Three Economic Indicators That May Regain Focus in Policy Debate and Outlook
Monday, June 23, 2014
By Fernando M. Martin, Senior Economist
With the U.S. unemployment rate on track to return to prerecession levels and inflation low and stable, other economic indicators are likely to regain focus in the policy debate and outlook.
The first chart shows real gross domestic product divided by total population (or output per capita) since 1955. When output per capita is expressed in natural logarithms, it exhibits a linear trend, which implies that it grows at a constant rate in the long run.1
A striking feature of the most recent recession is the sharp and persistent contraction in economic activity. Output per capita took about five and a half years to come back to its precrisis level and, as of the first quarter of 2014, is about 15 percent below its precrisis trend. In addition, the growth rate appears to have dropped significantly. Between 1955 and 2007, output per capita grew by 2.2 percent annually on average. After contracting at an average annual rate of 2.5 percent between 2008 and 2009, growth resumed at a more moderate pace of 1.6 percent annually since 2010.
The second chart shows real personal consumption expenditures per capita. Consumption is highly correlated with output, but typically less volatile. During the last recession, consumption per capita also contracted sharply and subsequently resumed growth at a more modest pace. The figures for consumption are very similar to those cited for output above.
The third chart shows real gross private domestic investment per capita. Investment is also highly correlated with output (although much more volatile), and it contracted significantly during the last recession. As opposed to output and consumption, investment per capita has been growing above its precrisis growth rate since the end of the recession. However, it has not yet fully recovered and remains 27 percent below trend.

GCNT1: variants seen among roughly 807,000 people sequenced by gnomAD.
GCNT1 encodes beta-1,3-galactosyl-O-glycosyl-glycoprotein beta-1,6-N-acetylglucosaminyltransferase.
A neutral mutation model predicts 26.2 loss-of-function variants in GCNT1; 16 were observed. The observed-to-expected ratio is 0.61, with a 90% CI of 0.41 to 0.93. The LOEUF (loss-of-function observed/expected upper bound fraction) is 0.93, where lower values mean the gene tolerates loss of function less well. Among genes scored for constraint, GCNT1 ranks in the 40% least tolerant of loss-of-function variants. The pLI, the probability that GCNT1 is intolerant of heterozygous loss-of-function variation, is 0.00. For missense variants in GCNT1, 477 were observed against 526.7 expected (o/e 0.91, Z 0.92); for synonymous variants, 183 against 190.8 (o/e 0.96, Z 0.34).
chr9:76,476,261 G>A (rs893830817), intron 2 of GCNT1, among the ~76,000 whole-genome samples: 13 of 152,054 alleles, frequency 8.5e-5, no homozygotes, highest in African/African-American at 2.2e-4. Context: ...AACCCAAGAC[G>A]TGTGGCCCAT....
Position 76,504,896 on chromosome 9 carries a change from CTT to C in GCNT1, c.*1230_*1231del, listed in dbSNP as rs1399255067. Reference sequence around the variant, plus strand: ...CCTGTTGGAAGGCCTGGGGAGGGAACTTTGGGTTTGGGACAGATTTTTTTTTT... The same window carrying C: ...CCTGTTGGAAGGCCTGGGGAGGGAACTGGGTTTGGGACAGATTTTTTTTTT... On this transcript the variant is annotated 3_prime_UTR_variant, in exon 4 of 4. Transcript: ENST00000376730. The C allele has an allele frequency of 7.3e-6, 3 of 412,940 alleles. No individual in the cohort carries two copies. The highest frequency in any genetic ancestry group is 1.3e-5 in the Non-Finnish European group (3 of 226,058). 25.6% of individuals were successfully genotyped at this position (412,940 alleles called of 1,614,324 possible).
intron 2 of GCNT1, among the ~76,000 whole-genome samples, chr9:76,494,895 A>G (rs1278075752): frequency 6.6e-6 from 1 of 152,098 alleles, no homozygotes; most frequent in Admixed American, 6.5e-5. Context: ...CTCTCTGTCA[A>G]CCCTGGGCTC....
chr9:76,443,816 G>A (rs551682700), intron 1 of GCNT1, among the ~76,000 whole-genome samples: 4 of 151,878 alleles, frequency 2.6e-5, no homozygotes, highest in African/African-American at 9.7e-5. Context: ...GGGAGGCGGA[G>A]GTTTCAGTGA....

The evolution of output, consumption and investment contrasts with the ongoing improvement in labor market conditions and the stability of inflation. This leaves open the question of what types of policies will be favored in the near future. Will policymakers interpret the persistent contraction in economic activity and drop in growth as evidence that the economy still has not recovered and is below its potential? Or will they interpret this behavior as a permanent effect of the crisis, which government policy alone may not be able to overturn?
Notes and References
1 Macroeconomic variables that exhibit exponential growth, such as output and consumption, are frequently expressed in natural logarithms to transform them into series with a linear trend. The difference between the logged series and its linear trend is approximately equal to the percent deviation of the original series from its trend.
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